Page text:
Study: Hydroxychloroquine Delays Disability for Least Treatable Form of Multiple Sclerosis
The researchers projected that approximately 14 participants would experience a significant worsening of their walking function, however, only 8 participants had their walking function decline.
A study from the University of Calgary has found that hydroxychloroquine shows promise in treating the evolution of disability of primary progressive multiple sclerosis (MS), according to a press release.
Researchers Marcus Koch, MD, PhD, and Wee Yong, PhD, both found that the drug helped to slow the worsening of disability during the 18-month study involving participants in the MS clinic in Calgary.
“With primary progressive MS, there is no good treatment to stop or reverse the progression of disease. The disability progressively worsens through time,” Koch said in the press release. “Dr. Yong’s research team, with whom we closely collaborate, has been screening a large number of generic drugs over several years and the results with hydroxychloroquine show some promise. Our trial is a preliminary success that needs further research. We hope sharing these results will help inspire that work, specifically larger scale clinical trials into the future.”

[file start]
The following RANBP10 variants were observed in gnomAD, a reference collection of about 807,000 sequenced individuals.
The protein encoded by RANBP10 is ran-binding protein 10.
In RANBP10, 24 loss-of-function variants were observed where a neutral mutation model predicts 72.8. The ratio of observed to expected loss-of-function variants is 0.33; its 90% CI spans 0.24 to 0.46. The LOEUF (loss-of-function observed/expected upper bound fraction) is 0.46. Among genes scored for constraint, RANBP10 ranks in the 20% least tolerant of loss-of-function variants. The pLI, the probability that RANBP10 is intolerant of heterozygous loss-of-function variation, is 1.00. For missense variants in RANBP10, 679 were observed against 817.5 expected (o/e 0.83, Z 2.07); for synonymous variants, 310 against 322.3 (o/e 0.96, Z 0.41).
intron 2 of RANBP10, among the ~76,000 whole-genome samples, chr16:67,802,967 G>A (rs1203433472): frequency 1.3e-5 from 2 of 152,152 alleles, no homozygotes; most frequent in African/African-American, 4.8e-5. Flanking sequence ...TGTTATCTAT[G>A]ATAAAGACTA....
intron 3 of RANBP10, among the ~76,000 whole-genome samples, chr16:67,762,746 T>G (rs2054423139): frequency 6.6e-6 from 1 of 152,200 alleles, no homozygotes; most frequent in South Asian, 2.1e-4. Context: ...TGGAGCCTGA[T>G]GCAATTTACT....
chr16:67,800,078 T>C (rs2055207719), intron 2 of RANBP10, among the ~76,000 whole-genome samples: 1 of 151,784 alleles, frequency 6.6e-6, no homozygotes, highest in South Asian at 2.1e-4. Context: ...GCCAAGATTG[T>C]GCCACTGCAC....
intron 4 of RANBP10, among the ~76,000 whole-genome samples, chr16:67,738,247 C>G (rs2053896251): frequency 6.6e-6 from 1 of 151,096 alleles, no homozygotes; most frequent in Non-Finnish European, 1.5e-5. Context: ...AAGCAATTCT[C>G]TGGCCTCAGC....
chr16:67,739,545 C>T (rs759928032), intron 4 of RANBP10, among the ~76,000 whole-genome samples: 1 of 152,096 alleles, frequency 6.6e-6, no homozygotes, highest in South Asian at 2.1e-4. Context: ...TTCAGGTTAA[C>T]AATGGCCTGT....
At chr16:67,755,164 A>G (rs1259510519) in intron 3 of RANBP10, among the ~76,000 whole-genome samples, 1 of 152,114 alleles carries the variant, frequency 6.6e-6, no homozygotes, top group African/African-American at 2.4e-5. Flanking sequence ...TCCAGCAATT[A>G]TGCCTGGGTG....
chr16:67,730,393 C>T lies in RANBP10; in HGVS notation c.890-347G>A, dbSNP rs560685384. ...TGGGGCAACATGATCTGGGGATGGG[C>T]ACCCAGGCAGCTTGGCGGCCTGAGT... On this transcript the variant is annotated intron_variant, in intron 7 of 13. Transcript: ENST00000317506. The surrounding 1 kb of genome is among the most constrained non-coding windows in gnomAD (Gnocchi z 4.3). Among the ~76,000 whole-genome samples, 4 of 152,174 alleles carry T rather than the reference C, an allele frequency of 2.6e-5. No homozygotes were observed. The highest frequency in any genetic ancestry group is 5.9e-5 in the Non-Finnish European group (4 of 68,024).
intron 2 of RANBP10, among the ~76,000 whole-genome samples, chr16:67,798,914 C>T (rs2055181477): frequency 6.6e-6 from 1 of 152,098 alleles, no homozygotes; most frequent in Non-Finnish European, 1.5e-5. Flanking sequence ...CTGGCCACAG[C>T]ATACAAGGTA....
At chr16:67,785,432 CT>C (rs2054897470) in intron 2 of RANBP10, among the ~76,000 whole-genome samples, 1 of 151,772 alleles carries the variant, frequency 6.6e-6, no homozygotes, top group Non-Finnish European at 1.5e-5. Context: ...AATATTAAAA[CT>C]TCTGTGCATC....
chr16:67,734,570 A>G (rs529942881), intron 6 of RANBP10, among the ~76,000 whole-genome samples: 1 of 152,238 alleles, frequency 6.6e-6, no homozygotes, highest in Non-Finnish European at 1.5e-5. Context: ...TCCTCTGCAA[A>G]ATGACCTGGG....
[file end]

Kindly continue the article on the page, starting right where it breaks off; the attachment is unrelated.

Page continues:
The single-arm, phase 2 futility trial followed 35 patients with MS between November 2016 and June 2021. The researchers projected that approximately 14 participants would experience a significant worsening of their walking function, however, only 8 participants had their walking function decline.
Hydroxychloroquine was chosen because it is widely used in rheumatological diseases, such as lupus and rheumatoid arthritis, and is mostly well tolerated by these patients, according to the study authors.
“Based on research in our lab on models of MS, we predicted that hydroxychloroquine would reduce disability in people living with MS. Calgary has a vibrant bench-to-bedside MS program and the work from Dr. Koch’s trial offers further evidence which we were pleased to see,” Yong said in the press release.
Koch and the other researchers will continue to study hydroxychloroquine for its potential to achieve greater results as a therapy in combination with other generic drugs, according to the release.
Study finds hydroxychloroquine delays disability for least treatable form of multiple sclerosis. University of Calgary. January 14, 2022. Accessed January 17, 2022. https://cumming.ucalgary.ca/news/study-finds-hydroxychloroquine-delays-disability-least-treatable-form-multiple-sclerosis